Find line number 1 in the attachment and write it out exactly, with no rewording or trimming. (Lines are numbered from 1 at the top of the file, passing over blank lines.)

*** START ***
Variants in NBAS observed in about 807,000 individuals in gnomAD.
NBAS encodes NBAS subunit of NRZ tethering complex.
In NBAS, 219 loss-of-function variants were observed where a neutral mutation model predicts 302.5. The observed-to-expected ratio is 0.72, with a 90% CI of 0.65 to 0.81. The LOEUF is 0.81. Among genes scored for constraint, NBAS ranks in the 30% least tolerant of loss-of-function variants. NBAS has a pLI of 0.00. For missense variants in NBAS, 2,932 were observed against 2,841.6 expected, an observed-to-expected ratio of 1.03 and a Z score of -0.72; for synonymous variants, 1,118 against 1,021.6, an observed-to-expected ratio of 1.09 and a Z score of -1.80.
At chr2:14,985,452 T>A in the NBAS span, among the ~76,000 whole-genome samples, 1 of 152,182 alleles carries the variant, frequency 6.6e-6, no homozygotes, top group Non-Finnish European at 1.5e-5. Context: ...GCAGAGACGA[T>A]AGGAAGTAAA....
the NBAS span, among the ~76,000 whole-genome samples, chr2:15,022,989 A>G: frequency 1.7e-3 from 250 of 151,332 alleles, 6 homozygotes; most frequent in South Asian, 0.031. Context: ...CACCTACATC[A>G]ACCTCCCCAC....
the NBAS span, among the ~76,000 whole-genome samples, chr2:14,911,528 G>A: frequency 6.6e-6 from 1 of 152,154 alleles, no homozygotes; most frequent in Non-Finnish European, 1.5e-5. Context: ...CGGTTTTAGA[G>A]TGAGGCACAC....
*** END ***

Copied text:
Variants in NBAS observed in about 807,000 individuals in gnomAD.